“You can do anything, but you can’t do everything” – David Allen
David Allen in his writing often talks about tracking cleaning a messy garage on his someday maybe list, apparently it’s not an embellishment – Eric Mack remembers the garage very well to this day.
Why does this matter? Because it is true, it shows integrity — something often missing in today’s business world. Time and time again with David Allen and Eric Mack, I consistently see no ulterior motives, except one mission — to make people’s lives better.
It’s important to start with a foundation of honesty when engaging with something as challenging as learning to manage your life and it’s important to trust the people who developed the system you intend to use to manage your life
In the same meeting, I told Eric Mack about how excited I was to use Mindjet MindManager to create a series of elaborate dashboards to map out goals, weekly and daily plans. Eric Mack cautioned me against over complicating task planning with mind maps.
“It is really hard to keep multiple systems in sync so that it is best to stick to one central tool as your list manager” Eric said. “You have to come-up with the hard edges …You have to simplify and keep your systems as simple as possible. It’s like a mechanic’s tool box filled with specialized tools”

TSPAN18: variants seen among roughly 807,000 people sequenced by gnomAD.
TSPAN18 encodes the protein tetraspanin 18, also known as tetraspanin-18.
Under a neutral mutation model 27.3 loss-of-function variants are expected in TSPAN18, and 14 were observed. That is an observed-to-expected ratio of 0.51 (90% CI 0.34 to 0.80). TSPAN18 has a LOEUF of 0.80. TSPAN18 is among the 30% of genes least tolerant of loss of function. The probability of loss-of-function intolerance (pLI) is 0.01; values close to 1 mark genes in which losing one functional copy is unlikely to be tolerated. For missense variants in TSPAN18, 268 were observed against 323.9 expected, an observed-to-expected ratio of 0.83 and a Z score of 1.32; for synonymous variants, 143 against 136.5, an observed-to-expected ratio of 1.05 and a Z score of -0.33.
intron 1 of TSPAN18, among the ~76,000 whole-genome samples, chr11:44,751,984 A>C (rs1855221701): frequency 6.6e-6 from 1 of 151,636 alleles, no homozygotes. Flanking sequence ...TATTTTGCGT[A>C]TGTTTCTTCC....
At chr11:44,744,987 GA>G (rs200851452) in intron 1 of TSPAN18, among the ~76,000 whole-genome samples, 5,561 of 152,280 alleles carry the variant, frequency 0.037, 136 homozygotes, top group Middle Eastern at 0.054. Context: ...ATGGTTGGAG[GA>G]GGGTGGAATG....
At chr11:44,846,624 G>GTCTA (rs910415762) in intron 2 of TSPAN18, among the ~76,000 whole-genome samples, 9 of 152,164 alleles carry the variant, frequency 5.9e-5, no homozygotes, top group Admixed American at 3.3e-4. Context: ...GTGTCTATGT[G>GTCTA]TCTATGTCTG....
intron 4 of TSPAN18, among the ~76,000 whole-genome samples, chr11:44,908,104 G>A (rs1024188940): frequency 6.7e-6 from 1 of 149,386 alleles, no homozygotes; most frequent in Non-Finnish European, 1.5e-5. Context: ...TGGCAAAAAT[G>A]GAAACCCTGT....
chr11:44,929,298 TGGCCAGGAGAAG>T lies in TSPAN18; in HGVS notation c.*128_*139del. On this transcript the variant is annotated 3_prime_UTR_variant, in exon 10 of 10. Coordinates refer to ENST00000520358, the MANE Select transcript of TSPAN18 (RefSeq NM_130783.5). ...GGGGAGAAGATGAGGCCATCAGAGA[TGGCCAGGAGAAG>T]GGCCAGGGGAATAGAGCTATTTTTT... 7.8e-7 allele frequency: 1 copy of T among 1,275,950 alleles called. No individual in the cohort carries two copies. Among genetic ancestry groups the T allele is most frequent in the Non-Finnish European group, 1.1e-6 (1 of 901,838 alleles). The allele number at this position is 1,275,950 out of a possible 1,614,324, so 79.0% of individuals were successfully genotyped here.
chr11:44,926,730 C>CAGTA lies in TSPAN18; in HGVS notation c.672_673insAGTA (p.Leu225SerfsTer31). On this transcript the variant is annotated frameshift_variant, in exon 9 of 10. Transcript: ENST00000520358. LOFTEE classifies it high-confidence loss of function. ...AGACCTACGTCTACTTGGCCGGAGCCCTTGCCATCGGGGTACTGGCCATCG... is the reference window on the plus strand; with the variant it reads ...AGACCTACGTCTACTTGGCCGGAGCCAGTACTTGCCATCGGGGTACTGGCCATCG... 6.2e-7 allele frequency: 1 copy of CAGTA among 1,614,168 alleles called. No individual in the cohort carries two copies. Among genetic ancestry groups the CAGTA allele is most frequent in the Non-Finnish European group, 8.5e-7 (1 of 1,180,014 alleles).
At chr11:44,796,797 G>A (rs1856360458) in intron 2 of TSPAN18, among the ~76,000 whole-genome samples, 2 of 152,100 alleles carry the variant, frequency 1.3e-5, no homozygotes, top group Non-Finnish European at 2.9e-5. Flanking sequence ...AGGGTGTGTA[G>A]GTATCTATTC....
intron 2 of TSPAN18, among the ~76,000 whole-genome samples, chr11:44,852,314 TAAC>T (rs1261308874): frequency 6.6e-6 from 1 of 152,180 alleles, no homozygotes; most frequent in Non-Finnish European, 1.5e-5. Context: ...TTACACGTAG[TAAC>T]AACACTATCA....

Eric refers to this as elegant simplicity. Take MindManager, it is one of the most powerful tools on the market-but you do not want turn your mind maps into your central repository for all your Next Actions. Rather you are better off mapping everything out and then dumping your Next Actions into your List Manager. Otherwise, you are forced into a pattern of double entry which creates twice as much work and twice as much stress, thereby undermining the trust you have in your system.
David Allen describes the intuitive nature of visual mapping and planning in his own life in an October, 2009 article of the GTD Times
“I don’t bother drilling down to next actions on my maps. Too much work to double-enter, and they move too fast anyway.” David Allen writes, “I just do the map, figure next action, then go to my action lists (in Lotus Notes). I’ll sometimes put a shortcut in the notes section of a project on my list, to the mind-map. I just use maps for capturing and developing projects and themes.”
Eric Mack told me a story about how he developed eProductivity with David Allen over several years of work — which taught him a critical corollary of system management. –“If it looks like a lot of work for a simple task, and if it feels like to much work (after 30-days of using it), you are not going to do it consistently”